In mathematics, a Voronoi (Thiessen) diagram, sometimes also called Voronoi tessellation, decomposition or Dirichlet tessellation, is a way of partitioning space determined by the distances to a given set of objects in space, for example a set of points. An example is a partitioning of a plane that assigns a region to each point P, such that all points in the region that are closer to the point P than to any other point in the initial set.

These diagrams have many applications in geometry, natural sciences, sociology, hydrology, architecture, chemistry, arts, etc. Among other things, they are used for optimal partitioning of plots, generation of cell structures, lattice structures for 3D printing, art, football, etc.

If you want to generate Voronoi structures in AutoCAD (from a given set of points), you can use the Voronoi LISP utility available on Download. After loading (APPLOAD), enter the VORONOI command and specify a set of initial, so-called seed points (you can generate these with the GENPTS command). Optionally, you can also generate hatched fills for individual cells of the diagram (Voronoi cells). And then color them randomly, e.g. using the Scatter utility.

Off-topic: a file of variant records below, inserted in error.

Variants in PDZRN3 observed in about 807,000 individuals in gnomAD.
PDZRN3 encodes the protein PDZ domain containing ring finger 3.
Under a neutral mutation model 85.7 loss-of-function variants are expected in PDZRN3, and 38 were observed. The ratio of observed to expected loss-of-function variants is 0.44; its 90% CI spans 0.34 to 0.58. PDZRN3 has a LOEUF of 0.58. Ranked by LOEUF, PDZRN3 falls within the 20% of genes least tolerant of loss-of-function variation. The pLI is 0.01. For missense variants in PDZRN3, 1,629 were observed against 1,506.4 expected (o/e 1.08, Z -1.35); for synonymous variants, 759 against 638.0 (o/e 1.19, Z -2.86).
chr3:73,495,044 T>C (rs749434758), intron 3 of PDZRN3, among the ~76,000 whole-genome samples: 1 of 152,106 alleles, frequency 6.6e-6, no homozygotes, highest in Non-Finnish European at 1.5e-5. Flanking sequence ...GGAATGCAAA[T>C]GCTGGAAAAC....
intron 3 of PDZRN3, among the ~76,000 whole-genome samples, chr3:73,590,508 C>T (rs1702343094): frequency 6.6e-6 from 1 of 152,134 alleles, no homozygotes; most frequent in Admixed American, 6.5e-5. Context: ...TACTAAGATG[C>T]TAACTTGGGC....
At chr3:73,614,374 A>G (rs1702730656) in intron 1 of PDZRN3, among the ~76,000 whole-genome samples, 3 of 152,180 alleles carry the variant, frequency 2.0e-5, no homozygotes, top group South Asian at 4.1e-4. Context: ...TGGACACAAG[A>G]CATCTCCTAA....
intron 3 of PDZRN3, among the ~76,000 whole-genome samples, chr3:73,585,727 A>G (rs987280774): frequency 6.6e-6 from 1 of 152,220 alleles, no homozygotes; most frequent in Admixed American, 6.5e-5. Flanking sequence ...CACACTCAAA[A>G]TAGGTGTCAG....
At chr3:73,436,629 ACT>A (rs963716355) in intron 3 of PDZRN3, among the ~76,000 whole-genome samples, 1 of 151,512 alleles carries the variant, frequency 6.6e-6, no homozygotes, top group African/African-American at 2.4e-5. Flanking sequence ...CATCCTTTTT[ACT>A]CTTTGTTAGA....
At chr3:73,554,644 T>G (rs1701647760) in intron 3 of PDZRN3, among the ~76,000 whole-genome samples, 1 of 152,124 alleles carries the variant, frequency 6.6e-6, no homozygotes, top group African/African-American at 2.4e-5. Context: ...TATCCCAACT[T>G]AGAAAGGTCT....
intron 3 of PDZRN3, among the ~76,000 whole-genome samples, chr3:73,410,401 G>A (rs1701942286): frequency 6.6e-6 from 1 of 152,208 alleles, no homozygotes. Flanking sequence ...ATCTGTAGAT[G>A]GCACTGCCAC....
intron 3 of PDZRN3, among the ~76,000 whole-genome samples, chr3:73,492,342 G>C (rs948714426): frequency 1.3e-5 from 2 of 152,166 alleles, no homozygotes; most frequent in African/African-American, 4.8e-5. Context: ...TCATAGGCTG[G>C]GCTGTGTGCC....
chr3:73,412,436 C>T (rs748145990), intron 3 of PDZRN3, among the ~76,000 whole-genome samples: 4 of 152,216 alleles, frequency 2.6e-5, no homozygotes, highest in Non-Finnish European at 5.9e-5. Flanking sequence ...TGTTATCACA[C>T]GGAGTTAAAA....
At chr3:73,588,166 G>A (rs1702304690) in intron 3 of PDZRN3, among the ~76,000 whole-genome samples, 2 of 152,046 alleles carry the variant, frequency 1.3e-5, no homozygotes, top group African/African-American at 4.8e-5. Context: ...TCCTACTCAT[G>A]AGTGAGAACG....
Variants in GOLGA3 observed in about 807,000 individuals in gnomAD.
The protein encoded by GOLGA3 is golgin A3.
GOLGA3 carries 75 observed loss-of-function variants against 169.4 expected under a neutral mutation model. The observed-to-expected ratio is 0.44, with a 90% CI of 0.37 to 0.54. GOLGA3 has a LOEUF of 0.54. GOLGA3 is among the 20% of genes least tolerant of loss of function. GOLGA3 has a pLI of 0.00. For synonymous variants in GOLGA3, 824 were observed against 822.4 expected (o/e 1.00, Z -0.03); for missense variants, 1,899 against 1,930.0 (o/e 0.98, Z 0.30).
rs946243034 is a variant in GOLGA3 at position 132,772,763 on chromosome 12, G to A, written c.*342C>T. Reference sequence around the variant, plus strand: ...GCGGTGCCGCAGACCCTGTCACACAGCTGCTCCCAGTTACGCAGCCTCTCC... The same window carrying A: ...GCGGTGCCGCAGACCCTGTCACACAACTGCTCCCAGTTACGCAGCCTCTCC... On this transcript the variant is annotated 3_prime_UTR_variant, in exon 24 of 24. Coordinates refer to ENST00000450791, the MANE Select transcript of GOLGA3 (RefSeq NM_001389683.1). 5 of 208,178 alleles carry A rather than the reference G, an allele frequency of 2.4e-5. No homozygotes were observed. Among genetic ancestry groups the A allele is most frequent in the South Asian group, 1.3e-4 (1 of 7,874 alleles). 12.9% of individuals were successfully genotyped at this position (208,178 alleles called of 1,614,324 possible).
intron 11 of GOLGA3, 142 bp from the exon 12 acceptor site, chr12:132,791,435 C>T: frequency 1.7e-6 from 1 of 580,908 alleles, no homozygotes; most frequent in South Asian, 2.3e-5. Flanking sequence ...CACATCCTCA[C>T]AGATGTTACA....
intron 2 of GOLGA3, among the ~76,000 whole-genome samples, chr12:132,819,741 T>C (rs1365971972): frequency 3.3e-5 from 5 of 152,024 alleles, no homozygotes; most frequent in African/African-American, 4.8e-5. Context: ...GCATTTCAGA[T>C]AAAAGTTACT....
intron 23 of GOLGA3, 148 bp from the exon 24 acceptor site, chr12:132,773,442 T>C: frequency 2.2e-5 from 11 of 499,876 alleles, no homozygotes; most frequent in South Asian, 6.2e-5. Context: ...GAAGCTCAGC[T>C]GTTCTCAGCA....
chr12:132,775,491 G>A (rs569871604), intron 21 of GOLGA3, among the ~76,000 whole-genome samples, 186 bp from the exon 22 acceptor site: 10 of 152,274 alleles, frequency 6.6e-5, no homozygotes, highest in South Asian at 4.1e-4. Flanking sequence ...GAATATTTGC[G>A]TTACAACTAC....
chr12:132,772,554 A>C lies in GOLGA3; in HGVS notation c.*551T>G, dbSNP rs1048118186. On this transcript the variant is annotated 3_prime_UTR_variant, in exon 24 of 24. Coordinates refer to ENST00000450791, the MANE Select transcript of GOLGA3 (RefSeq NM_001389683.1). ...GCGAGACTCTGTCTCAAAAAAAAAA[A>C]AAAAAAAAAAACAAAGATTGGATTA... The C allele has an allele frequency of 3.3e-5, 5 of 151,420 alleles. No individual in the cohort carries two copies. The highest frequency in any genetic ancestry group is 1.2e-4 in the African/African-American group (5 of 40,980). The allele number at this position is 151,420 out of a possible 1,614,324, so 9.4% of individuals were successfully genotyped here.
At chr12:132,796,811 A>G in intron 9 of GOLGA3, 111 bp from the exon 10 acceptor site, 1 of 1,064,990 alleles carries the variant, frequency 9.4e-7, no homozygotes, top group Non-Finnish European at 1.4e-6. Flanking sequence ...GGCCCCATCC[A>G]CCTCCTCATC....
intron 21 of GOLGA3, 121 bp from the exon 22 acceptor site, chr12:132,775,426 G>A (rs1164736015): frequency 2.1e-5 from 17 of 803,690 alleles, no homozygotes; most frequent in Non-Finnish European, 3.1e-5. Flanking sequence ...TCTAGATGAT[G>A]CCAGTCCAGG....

Have we helped you? If you want to support the CAD Forum web service, consider buying one of our CAD applications, or our custom software development offerings, or donating via PayPal (see above).
You may also add a link to your web - like this "fan" link:

Featuring: Publish interactive 3D PDF models from AutoCAD, Inventor or Revit with Share3D

Please use these tips at your own risk. Arkance Systems is not responsible for possible problems that may occur as a result of using any of these tips.